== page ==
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2/4/19 - Compliance-Risk Assessments for Asset Managers: Part One

Thorough assessments of business and operational risks are core to an effective compliance program. This article discusses how asset managers regulated by the Securities and Exchange Commission might incorporate risk assessments into their compliance programs. In a second article, we will walk through an example that illustrates how to do this.

What Is a Risk Assessment?

A risk assessment is a formal and rigorous process to evaluate the level of risk for a firm undertaking a particular business activity or process. A compliance-risk assessment focuses on the risks that arise when laws, rules, and regulations trigger an obligation that, if not met, could expose the firm to potential enforcement actions, examination deficiencies, monetary fines, and/or reputational damage. A basic example of such an obligation is that investment advisers required to register with the SEC under the Investment Advisers Act of 1940 (commonly known as the “Advisers Act”) must implement codes of ethics pursuant to Rule 204A-1. A more specific example, which we discussed in a recent Currents article, is that the use of electronic communications by an investment adviser’s representatives triggers obligations to monitor, retain, and protect such communications pursuant to various rules under the Advisers Act.1

Are Investment Advisers Required to Conduct Risk Assessments?

There is a clear expectation that registered investment advisers (RIAs) employ an effective process to assess risks regularly. The adopting release to the compliance rule (Rule 206(4)-7 under the Advisers Act) states: “Each adviser, in designing its policies and procedures, should first identify conflicts and other compliance factors creating risk exposure for the firm and its clients in light of the firm's particular operations, and then design policies and procedures that address those risks [emphasis added].”2 Identifying risk exposures is the necessary first step in designing — and, by extension, periodically assessing the adequacy and effectiveness of — a compliance program.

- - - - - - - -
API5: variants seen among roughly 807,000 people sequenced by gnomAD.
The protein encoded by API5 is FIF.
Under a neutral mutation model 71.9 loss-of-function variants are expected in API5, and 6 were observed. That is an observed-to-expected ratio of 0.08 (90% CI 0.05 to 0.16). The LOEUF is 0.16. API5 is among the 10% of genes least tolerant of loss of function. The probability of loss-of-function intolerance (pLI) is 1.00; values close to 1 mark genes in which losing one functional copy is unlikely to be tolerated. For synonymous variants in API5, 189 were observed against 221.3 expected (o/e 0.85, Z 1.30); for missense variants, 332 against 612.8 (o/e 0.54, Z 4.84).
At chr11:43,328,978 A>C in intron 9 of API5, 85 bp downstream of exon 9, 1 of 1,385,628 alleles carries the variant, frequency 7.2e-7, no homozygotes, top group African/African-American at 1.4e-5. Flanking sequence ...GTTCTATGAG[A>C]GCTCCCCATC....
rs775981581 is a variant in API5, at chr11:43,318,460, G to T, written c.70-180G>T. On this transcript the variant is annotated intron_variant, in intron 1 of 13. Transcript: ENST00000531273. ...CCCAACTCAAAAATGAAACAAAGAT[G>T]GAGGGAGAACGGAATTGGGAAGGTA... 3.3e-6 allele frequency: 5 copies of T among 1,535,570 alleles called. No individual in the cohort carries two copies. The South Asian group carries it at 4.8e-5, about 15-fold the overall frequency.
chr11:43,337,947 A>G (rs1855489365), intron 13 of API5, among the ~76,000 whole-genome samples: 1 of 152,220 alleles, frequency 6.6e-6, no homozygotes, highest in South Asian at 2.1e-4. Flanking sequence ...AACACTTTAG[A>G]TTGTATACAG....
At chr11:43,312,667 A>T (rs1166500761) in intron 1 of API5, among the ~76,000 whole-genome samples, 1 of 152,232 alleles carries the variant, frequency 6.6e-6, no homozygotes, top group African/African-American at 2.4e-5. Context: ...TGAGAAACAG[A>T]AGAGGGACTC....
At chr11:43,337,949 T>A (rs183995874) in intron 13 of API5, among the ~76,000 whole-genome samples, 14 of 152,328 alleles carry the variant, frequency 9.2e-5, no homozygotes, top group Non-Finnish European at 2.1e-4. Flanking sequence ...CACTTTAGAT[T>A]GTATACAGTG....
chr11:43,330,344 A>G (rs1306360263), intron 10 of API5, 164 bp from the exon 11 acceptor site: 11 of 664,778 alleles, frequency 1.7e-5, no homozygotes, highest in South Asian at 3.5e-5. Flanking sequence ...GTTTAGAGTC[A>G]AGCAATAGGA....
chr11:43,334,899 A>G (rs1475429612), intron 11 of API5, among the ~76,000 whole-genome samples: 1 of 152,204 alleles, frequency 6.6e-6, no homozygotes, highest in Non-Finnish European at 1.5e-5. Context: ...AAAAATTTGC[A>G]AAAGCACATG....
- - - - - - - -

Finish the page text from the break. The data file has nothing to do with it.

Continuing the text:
How Is This Different from a Risk Matrix? 

Many advisers develop what they might refer to as a “risk matrix” around the time their firm registers with the SEC. While these serve the same purpose as a risk assessment, and examples of thorough and useful risk matrices do exist, practices vary widely, and risk matrices often take the form of static inventories rather than dynamic, rigorous assessments. They have a number of other common shortcomings as well, including that they are often:

  • Unwieldy and/or risk-agnostic. The list of risks is sometimes so extensive that the matrix becomes difficult to maintain and effectively focus on the most important risks. Also, many risk matrices do not include an objective assessment of the corresponding levels of risk (e.g., “low,” “medium,” or “high”) for each identified risk, which is necessary to ensure that compliance resources are allocated accordingly.  
  • Lacking in context. The list of risks and conflicts are often not associated with specific regulatory obligations, policies or procedures, or controls.
  • Not integral to the compliance program. Developing and maintaining the risk matrix is treated as an exercise, rather than a useful tool to drive the compliance-management process.
  • Out of date. The risk matrices are reviewed only during the firm’s annual review, or they have not been updated since they were developed.